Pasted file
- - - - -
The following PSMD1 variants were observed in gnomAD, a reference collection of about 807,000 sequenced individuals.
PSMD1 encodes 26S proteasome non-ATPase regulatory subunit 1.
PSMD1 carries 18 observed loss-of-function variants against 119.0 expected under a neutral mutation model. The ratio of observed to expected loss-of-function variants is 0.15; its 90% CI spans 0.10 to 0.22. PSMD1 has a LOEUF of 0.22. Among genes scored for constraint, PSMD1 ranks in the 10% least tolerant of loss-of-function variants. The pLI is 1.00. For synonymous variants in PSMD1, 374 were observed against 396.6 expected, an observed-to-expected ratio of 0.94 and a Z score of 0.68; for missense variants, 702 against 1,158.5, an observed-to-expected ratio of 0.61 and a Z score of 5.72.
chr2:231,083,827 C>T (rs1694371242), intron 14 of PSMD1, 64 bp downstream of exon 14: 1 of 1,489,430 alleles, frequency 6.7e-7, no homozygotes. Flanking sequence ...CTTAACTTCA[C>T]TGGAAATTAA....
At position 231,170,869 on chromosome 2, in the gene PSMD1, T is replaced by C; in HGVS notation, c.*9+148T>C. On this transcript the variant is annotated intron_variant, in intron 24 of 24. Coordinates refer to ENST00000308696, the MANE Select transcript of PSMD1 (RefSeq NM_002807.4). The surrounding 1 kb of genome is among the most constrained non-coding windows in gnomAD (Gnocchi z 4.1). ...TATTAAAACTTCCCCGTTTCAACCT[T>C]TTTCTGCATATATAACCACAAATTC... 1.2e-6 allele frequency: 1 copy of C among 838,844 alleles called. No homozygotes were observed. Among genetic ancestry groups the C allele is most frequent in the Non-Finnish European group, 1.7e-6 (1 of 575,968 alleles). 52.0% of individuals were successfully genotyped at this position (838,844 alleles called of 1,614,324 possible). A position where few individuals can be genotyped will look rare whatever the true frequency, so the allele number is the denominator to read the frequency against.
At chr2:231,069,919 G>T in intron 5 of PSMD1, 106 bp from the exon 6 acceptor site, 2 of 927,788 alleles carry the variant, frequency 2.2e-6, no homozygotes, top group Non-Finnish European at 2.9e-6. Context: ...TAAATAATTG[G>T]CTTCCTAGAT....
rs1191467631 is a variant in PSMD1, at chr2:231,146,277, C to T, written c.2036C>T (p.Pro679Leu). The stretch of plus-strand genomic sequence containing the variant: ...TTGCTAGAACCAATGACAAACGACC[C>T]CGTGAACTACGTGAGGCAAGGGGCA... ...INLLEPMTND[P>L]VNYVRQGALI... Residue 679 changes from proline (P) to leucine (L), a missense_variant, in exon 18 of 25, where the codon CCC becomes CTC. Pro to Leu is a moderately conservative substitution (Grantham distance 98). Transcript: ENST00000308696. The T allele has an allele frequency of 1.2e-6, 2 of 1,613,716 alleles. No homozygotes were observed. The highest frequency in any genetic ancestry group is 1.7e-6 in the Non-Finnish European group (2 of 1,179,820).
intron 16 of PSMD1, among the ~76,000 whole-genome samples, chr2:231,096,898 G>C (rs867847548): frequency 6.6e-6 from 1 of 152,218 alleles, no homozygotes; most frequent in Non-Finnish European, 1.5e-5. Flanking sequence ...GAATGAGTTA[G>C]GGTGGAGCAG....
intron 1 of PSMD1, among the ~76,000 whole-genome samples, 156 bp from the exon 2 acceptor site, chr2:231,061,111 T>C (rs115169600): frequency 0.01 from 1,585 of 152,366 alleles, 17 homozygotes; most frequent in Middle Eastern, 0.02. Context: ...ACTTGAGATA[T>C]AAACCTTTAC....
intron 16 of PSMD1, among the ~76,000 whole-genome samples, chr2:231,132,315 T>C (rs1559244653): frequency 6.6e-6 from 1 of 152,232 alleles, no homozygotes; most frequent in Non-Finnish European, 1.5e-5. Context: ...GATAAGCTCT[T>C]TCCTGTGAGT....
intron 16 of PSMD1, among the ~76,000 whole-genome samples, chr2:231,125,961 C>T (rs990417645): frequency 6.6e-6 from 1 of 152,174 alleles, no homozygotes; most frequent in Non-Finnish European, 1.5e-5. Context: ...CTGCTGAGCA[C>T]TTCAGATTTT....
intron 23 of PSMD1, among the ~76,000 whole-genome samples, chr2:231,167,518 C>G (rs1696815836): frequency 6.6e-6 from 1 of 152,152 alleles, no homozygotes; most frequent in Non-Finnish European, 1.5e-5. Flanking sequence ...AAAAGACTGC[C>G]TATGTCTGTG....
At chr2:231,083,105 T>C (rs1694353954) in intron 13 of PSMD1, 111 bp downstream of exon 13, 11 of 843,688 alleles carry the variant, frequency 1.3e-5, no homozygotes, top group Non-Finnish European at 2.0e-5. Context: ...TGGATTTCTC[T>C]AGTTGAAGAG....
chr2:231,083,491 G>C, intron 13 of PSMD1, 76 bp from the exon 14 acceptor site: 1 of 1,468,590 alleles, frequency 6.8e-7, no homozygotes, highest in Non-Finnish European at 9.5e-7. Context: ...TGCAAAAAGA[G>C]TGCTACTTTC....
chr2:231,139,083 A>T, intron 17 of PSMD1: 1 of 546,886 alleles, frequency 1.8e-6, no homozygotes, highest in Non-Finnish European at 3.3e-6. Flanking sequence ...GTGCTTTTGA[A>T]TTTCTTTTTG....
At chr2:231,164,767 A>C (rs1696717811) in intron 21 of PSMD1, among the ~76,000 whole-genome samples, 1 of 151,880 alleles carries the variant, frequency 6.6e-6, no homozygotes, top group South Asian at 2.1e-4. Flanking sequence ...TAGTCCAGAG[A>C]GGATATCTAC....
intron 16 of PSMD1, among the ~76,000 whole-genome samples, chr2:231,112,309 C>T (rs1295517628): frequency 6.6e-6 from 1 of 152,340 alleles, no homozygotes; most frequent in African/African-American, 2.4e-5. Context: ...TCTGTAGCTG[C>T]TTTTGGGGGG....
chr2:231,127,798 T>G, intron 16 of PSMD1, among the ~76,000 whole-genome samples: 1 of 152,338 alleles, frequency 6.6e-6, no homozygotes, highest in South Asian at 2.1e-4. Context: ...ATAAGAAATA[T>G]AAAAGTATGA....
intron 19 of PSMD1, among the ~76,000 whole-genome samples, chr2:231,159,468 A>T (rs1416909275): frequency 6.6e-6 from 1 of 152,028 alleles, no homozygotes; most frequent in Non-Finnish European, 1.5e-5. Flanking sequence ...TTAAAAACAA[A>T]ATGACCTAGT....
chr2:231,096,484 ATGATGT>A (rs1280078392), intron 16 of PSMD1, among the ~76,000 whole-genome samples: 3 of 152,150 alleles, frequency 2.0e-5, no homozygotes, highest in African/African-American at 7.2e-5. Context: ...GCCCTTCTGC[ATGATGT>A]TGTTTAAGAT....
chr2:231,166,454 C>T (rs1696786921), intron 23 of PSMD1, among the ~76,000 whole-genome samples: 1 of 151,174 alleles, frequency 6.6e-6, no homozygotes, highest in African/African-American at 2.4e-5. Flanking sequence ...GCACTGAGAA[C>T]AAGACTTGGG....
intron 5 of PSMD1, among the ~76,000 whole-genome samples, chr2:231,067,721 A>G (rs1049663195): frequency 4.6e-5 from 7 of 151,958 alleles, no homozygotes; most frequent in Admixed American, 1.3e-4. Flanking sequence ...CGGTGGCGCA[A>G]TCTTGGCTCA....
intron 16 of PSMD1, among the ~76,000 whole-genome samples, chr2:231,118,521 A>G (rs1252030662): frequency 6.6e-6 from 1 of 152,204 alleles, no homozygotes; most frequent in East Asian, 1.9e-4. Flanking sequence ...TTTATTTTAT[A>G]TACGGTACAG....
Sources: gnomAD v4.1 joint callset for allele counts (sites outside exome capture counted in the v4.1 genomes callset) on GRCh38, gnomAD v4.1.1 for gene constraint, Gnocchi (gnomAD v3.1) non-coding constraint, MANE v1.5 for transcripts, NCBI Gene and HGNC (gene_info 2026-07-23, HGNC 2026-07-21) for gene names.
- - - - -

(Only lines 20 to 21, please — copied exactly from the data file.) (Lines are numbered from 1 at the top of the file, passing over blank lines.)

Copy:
chr2:231,096,484 ATGATGT>A (rs1280078392), intron 16 of PSMD1, among the ~76,000 whole-genome samples: 3 of 152,150 alleles, frequency 2.0e-5, no homozygotes, highest in African/African-American at 7.2e-5. Context: ...GCCCTTCTGC[ATGATGT>A]TGTTTAAGAT....
chr2:231,166,454 C>T (rs1696786921), intron 23 of PSMD1, among the ~76,000 whole-genome samples: 1 of 151,174 alleles, frequency 6.6e-6, no homozygotes, highest in African/African-American at 2.4e-5. Flanking sequence ...GCACTGAGAA[C>T]AAGACTTGGG....